Remembering the first time he felt really good in his body, Jamal says it was when he was given a binder by a friend for his birthday. “It was the most affirming thing ever, I suddenly had this physique, this reflection, this moment in the mirror that I hadn’t really had before,” he says. “Looking at yourself in the mirror and not being phased or not reacting to your reflection was something I hadn’t experienced and suddenly this new found freedom of having a flat chest took me into this whole new understanding of body image.”
For Jamal, clothing provides protection and the ability to hide or change yourself in something else. “I could wear five different outfits a day and feel like five different people,” he says. Now that he is at a place in his transition where he is comfortable and happy with his body, Jamal says he is able to wear again the more feminine clothing in his wardrobe. “I don’t feel femme in them because I don’t feel femme,” he says. “My relationship with my body has taught me more than anything that this idea of growth is never A to B, it’s never linear, it's never always going to make sense and in things not making sense I created work.”
“For trans people hair is often one of the first signifiers that you have to the world around you to be able to say this is who I am,” said Jamal about his relationship with his hair, saying he could remember so clearly the day he first shaved his head. “Cutting my hair off was amazing and really affirming.”
Trans people often have complicated experiences having their hair cut and Jamal says he has navigated every kind of barbershop “from being called a batty boy in a barbershop, to going to white barbers and being told they don’t cut my hair. I’ve waited for longer than I should in barbershops while people have stepped in front of me,” he explained.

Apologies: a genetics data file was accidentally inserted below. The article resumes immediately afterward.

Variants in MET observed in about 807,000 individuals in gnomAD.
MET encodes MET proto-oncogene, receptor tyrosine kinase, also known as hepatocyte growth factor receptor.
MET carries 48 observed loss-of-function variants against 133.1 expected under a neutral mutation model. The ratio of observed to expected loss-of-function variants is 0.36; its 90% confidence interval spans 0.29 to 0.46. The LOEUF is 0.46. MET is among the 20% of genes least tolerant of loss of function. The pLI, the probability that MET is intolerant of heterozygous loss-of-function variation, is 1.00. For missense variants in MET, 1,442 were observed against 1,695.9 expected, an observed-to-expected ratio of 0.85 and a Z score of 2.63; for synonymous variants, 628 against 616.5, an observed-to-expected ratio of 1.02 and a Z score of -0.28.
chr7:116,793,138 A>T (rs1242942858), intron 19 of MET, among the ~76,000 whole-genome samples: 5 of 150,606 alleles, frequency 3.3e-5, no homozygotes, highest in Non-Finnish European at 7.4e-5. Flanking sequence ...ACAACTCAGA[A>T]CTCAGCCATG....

But barbershops have also been the place where he has had some of his most affirming experiences. “I met my dream barber in Leeds called Michael,” he said. “Everytime he cut my hair he told me how good looking I was, how many women were going to find me attractive, it was all these ways of him trying to affirm my masculinity. I love barber shops mainly because they are the only space that men gather and look after one another in. Barbershops are real rituals and important spaces.”
When he first started taking testosterone, Jamal says, he couldn’t cry. “I would have the lump in my throat, that weird feeling you get in your stomach but in my tear ducts there was just nothing. There is this whole science behind it and most trans guys do experience it when they are on hormones,” he says, explaining that this gave him a whole new view of masculinity and understanding the behaviour of the men in his life. “What I thought was social conditioning, I was understanding from a physical manner.”
Asked about sharing videos of his t-shots on social media, Jamal said it was a really meaningful process for him. “Documenting moments like that is really important as queer people because we have to create history where history has once been taken away or destroyed or censorsed.”
“Finding a love for your body that allows you to no longer think about it is sheer happiness,” Jamal says. “Being able to just be and exist and not have to question and critique your identity at all points.”
It was this happiness that Jamal wanted to express in the video for Somewhere, We Dance Forever, which was a chance to give space to the good and the fun elements of his work and show himself as a multi-faceted person. “I wanted it to be joyous and I wanted it to be a celebration of my body,” he says.